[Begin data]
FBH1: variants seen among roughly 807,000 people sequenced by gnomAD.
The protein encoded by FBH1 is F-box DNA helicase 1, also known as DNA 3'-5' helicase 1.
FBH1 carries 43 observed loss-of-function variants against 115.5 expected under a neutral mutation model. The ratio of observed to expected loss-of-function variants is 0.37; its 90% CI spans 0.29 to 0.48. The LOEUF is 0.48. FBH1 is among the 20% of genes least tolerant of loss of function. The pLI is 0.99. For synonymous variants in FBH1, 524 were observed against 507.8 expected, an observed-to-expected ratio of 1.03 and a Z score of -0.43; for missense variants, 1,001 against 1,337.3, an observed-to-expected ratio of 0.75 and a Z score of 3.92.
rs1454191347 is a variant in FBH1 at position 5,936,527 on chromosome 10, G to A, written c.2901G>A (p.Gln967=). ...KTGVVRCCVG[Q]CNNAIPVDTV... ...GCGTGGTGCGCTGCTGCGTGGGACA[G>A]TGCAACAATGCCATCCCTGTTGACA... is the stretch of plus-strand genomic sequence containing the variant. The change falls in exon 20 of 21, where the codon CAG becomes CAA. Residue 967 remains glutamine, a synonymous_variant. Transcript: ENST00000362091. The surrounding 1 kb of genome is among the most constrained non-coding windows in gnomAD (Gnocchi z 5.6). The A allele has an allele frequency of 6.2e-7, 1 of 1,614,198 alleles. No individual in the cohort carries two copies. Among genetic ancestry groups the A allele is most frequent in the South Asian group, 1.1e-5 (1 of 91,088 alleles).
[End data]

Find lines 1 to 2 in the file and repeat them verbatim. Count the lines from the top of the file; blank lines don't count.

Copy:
FBH1: variants seen among roughly 807,000 people sequenced by gnomAD.
The protein encoded by FBH1 is F-box DNA helicase 1, also known as DNA 3'-5' helicase 1.